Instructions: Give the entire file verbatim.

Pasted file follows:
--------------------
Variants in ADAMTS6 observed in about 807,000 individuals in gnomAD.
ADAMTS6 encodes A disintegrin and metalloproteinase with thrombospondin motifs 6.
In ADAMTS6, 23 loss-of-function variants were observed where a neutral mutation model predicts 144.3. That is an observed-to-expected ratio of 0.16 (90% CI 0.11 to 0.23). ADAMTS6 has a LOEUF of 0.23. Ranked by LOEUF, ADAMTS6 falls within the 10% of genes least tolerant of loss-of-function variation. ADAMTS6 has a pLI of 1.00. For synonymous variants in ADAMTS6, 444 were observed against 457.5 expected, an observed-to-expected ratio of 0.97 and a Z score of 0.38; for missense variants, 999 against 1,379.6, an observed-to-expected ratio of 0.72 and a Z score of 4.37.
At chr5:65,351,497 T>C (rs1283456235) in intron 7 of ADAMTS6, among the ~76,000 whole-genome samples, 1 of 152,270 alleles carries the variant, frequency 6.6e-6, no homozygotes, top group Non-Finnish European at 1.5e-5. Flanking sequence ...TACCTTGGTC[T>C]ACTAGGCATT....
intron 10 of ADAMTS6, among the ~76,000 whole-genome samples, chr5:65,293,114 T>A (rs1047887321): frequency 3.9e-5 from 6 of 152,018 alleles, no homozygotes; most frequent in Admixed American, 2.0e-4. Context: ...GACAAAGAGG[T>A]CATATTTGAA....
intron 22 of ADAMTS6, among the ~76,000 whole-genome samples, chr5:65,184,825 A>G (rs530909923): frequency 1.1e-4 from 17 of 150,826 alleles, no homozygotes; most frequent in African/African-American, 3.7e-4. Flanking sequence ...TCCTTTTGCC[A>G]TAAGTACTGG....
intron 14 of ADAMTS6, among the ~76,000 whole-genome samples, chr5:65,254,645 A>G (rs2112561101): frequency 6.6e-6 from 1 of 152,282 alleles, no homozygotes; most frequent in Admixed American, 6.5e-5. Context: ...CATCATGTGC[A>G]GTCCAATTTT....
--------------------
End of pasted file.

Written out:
Variants in ADAMTS6 observed in about 807,000 individuals in gnomAD.
ADAMTS6 encodes A disintegrin and metalloproteinase with thrombospondin motifs 6.
In ADAMTS6, 23 loss-of-function variants were observed where a neutral mutation model predicts 144.3. That is an observed-to-expected ratio of 0.16 (90% CI 0.11 to 0.23). ADAMTS6 has a LOEUF of 0.23. Ranked by LOEUF, ADAMTS6 falls within the 10% of genes least tolerant of loss-of-function variation. ADAMTS6 has a pLI of 1.00. For synonymous variants in ADAMTS6, 444 were observed against 457.5 expected, an observed-to-expected ratio of 0.97 and a Z score of 0.38; for missense variants, 999 against 1,379.6, an observed-to-expected ratio of 0.72 and a Z score of 4.37.
At chr5:65,351,497 T>C (rs1283456235) in intron 7 of ADAMTS6, among the ~76,000 whole-genome samples, 1 of 152,270 alleles carries the variant, frequency 6.6e-6, no homozygotes, top group Non-Finnish European at 1.5e-5. Flanking sequence ...TACCTTGGTC[T>C]ACTAGGCATT....
intron 10 of ADAMTS6, among the ~76,000 whole-genome samples, chr5:65,293,114 T>A (rs1047887321): frequency 3.9e-5 from 6 of 152,018 alleles, no homozygotes; most frequent in Admixed American, 2.0e-4. Context: ...GACAAAGAGG[T>A]CATATTTGAA....
intron 22 of ADAMTS6, among the ~76,000 whole-genome samples, chr5:65,184,825 A>G (rs530909923): frequency 1.1e-4 from 17 of 150,826 alleles, no homozygotes; most frequent in African/African-American, 3.7e-4. Flanking sequence ...TCCTTTTGCC[A>G]TAAGTACTGG....
intron 14 of ADAMTS6, among the ~76,000 whole-genome samples, chr5:65,254,645 A>G (rs2112561101): frequency 6.6e-6 from 1 of 152,282 alleles, no homozygotes; most frequent in Admixed American, 6.5e-5. Context: ...CATCATGTGC[A>G]GTCCAATTTT....